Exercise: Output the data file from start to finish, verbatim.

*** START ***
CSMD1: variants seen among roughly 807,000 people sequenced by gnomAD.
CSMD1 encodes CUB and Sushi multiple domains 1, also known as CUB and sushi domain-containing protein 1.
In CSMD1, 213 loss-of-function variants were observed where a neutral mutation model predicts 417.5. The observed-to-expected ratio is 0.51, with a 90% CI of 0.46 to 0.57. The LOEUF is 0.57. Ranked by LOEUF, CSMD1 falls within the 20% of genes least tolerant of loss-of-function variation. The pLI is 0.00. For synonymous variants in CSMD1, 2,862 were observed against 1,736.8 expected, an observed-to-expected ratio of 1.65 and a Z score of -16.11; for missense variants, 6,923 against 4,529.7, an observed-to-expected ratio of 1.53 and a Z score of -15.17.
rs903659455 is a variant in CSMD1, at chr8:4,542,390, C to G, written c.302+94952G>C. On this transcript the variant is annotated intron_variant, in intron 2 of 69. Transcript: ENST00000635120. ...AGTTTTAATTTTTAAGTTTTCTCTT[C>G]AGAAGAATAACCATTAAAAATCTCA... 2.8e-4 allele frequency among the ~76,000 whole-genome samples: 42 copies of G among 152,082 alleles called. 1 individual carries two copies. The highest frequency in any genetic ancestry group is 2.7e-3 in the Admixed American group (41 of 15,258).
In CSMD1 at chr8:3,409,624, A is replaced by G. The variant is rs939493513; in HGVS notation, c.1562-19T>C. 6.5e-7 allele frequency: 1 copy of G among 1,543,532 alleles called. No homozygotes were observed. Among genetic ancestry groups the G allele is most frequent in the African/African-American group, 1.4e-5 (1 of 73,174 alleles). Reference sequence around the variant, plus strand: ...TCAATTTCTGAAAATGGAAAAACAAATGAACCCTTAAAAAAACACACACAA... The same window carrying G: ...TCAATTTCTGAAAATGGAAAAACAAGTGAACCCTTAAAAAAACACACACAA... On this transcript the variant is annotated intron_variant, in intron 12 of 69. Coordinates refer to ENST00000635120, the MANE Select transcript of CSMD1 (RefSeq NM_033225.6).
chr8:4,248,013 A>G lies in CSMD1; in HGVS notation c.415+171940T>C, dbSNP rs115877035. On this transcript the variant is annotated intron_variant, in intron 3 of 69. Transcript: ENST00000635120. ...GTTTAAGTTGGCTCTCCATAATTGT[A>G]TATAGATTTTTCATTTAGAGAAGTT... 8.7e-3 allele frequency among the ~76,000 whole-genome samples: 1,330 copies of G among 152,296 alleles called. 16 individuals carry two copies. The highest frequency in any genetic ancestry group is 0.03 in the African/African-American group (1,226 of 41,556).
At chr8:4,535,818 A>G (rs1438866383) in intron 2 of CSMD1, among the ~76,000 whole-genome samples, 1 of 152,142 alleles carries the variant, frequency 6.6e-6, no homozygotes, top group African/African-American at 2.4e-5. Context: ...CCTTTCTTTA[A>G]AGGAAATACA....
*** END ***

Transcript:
CSMD1: variants seen among roughly 807,000 people sequenced by gnomAD.
CSMD1 encodes CUB and Sushi multiple domains 1, also known as CUB and sushi domain-containing protein 1.
In CSMD1, 213 loss-of-function variants were observed where a neutral mutation model predicts 417.5. The observed-to-expected ratio is 0.51, with a 90% CI of 0.46 to 0.57. The LOEUF is 0.57. Ranked by LOEUF, CSMD1 falls within the 20% of genes least tolerant of loss-of-function variation. The pLI is 0.00. For synonymous variants in CSMD1, 2,862 were observed against 1,736.8 expected, an observed-to-expected ratio of 1.65 and a Z score of -16.11; for missense variants, 6,923 against 4,529.7, an observed-to-expected ratio of 1.53 and a Z score of -15.17.
rs903659455 is a variant in CSMD1, at chr8:4,542,390, C to G, written c.302+94952G>C. On this transcript the variant is annotated intron_variant, in intron 2 of 69. Transcript: ENST00000635120. ...AGTTTTAATTTTTAAGTTTTCTCTT[C>G]AGAAGAATAACCATTAAAAATCTCA... 2.8e-4 allele frequency among the ~76,000 whole-genome samples: 42 copies of G among 152,082 alleles called. 1 individual carries two copies. The highest frequency in any genetic ancestry group is 2.7e-3 in the Admixed American group (41 of 15,258).
In CSMD1 at chr8:3,409,624, A is replaced by G. The variant is rs939493513; in HGVS notation, c.1562-19T>C. 6.5e-7 allele frequency: 1 copy of G among 1,543,532 alleles called. No homozygotes were observed. Among genetic ancestry groups the G allele is most frequent in the African/African-American group, 1.4e-5 (1 of 73,174 alleles). Reference sequence around the variant, plus strand: ...TCAATTTCTGAAAATGGAAAAACAAATGAACCCTTAAAAAAACACACACAA... The same window carrying G: ...TCAATTTCTGAAAATGGAAAAACAAGTGAACCCTTAAAAAAACACACACAA... On this transcript the variant is annotated intron_variant, in intron 12 of 69. Coordinates refer to ENST00000635120, the MANE Select transcript of CSMD1 (RefSeq NM_033225.6).
chr8:4,248,013 A>G lies in CSMD1; in HGVS notation c.415+171940T>C, dbSNP rs115877035. On this transcript the variant is annotated intron_variant, in intron 3 of 69. Transcript: ENST00000635120. ...GTTTAAGTTGGCTCTCCATAATTGT[A>G]TATAGATTTTTCATTTAGAGAAGTT... 8.7e-3 allele frequency among the ~76,000 whole-genome samples: 1,330 copies of G among 152,296 alleles called. 16 individuals carry two copies. The highest frequency in any genetic ancestry group is 0.03 in the African/African-American group (1,226 of 41,556).
At chr8:4,535,818 A>G (rs1438866383) in intron 2 of CSMD1, among the ~76,000 whole-genome samples, 1 of 152,142 alleles carries the variant, frequency 6.6e-6, no homozygotes, top group African/African-American at 2.4e-5. Context: ...CCTTTCTTTA[A>G]AGGAAATACA....